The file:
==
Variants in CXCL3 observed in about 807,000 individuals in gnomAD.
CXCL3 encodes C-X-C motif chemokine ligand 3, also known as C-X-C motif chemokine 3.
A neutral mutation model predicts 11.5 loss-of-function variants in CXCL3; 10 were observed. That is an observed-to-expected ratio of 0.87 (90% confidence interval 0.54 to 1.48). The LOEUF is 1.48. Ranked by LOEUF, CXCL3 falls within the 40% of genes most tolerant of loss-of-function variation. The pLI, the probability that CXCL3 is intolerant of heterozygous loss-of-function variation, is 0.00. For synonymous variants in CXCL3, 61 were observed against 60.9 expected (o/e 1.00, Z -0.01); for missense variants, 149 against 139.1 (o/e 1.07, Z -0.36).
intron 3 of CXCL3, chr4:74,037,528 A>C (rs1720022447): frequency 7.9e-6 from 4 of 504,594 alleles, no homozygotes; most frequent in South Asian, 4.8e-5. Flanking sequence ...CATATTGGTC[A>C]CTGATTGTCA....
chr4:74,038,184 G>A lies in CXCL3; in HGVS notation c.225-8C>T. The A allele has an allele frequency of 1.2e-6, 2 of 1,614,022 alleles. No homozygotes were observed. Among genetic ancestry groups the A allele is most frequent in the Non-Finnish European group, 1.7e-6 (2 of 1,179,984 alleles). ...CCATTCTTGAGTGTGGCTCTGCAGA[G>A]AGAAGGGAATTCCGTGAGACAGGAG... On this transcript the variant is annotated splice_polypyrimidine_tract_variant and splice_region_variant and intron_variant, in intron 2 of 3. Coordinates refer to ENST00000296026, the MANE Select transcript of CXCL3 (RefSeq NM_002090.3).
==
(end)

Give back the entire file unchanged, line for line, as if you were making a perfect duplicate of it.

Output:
Variants in CXCL3 observed in about 807,000 individuals in gnomAD.
CXCL3 encodes C-X-C motif chemokine ligand 3, also known as C-X-C motif chemokine 3.
A neutral mutation model predicts 11.5 loss-of-function variants in CXCL3; 10 were observed. That is an observed-to-expected ratio of 0.87 (90% confidence interval 0.54 to 1.48). The LOEUF is 1.48. Ranked by LOEUF, CXCL3 falls within the 40% of genes most tolerant of loss-of-function variation. The pLI, the probability that CXCL3 is intolerant of heterozygous loss-of-function variation, is 0.00. For synonymous variants in CXCL3, 61 were observed against 60.9 expected (o/e 1.00, Z -0.01); for missense variants, 149 against 139.1 (o/e 1.07, Z -0.36).
intron 3 of CXCL3, chr4:74,037,528 A>C (rs1720022447): frequency 7.9e-6 from 4 of 504,594 alleles, no homozygotes; most frequent in South Asian, 4.8e-5. Flanking sequence ...CATATTGGTC[A>C]CTGATTGTCA....
chr4:74,038,184 G>A lies in CXCL3; in HGVS notation c.225-8C>T. The A allele has an allele frequency of 1.2e-6, 2 of 1,614,022 alleles. No homozygotes were observed. Among genetic ancestry groups the A allele is most frequent in the Non-Finnish European group, 1.7e-6 (2 of 1,179,984 alleles). ...CCATTCTTGAGTGTGGCTCTGCAGA[G>A]AGAAGGGAATTCCGTGAGACAGGAG... On this transcript the variant is annotated splice_polypyrimidine_tract_variant and splice_region_variant and intron_variant, in intron 2 of 3. Coordinates refer to ENST00000296026, the MANE Select transcript of CXCL3 (RefSeq NM_002090.3).